One book that had a huge impact on me was The Power of Full Engagement  by Tony Schwartz and Jim Loehr. The book’s thesis was simple: time-management doesn’t work because your energy is more limited than time.
Before the book, I used to get frustrated with my inability to follow my own schedules. I’d carefully carve out chunks of time for studying, working on my business, exercise, reading and more. But then I’d fail to follow it. I’d break down and wonder why I couldn’t be as productive as all those other people I admired.
Reading the book clued me into a constraint: that any sustainable workload had to be balanced in terms of energy spent and energy recovered.
Since discovering that constraint, I’ve built systems into my life that make sure I’m working sustainably. During the MIT Challenge , for instance, I often had to spend 8-12 hours a day studying. But I never once worked in the evening or on weekends for the entire year.
Accepting, Not Removing, Constraints
What’s interesting to me isn’t the book, although it’s a good one, but that it was an improvement which came from accepting a constraint, not freeing myself from one.
The stereotype of self-improvement is that it contains a lot of wishful thinking about liberating yourself from imagined constraints. That is, it’s fears, traditions or lack of the correct method that prevents you from achieving your full potential. If you could only eliminate these harmful constraints, you’d live a fuller, better life.
But interestingly, for me, I’d say about half of the best insights that helped me live better have come from recognizing hidden constraints rather than realizing old ones were illusory.
Habits are another great example. The basis of much of the habit-changing methods myself and many other have used comes from recognizing just how hard it is to change your behavior. Why is something as simple as going to the gym every day or flossing regularly so hard to stick to?
The solution comes from recognizing an additional constraint—namely that your life is silently guided by all these automatic, unconscious behavioral programs. Seeing that your willpower is weak and generally only effective at very short-term bursts of behavior change hardly feels empowering. But adding this additional constraint makes it possible to engineer plans that will actually produce long-term differences.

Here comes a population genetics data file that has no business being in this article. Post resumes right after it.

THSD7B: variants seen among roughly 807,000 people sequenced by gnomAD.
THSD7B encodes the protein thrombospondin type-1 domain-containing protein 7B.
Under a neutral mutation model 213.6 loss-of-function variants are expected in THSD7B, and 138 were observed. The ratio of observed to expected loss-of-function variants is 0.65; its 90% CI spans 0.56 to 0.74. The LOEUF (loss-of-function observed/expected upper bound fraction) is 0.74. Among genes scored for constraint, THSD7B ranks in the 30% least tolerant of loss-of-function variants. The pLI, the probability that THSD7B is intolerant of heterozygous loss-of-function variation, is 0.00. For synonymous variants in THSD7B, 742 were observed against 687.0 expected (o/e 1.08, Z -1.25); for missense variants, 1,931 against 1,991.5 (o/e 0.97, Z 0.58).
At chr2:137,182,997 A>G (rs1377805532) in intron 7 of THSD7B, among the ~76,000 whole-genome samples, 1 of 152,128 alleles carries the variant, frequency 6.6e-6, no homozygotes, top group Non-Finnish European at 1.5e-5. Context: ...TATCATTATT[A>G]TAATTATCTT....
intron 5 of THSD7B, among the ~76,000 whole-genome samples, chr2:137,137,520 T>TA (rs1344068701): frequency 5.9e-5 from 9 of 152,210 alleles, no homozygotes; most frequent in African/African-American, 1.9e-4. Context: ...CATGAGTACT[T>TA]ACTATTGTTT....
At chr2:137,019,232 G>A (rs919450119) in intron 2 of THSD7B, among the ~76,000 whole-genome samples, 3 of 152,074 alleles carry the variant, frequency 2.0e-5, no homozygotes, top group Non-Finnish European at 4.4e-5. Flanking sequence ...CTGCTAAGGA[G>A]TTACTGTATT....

Growth Mindset and Finding Hidden Constraints
Growth mindset  has gotten a lot of popular support recently (and some criticism ). The basic idea is simple: if you believe your abilities and talents can be improved, you’ll perform better than if you believe they are a fixed constraint that must be accepted.
On a general level, this is probably true. If you believe everything is fixed, then it’s going to be pretty hard to summon the determination to work hard at it. Since working hard matters regardless, a general belief in growth will outperform a general belief that growth is impossible.
However, on a more detailed level, it may be the case that broadly believing everything is improvable isn’t the best approach. Accepting some constraints may help you focus your energies on the things which are actually most susceptible to improvement.
Which Constraints Should You Accept?
The best constraints to accept seem to be, first, the ones which actually exist.
Schwartz and Loehr’s book is based on their coaching experiences and an analogy with athletes, not hard science, so their theory could be wrong in some important ways. However, more basic research by Baumeister on ego depletion  seems to support the idea that there is at least some internal resource that the brain is trying to manage when deciding to exert effort.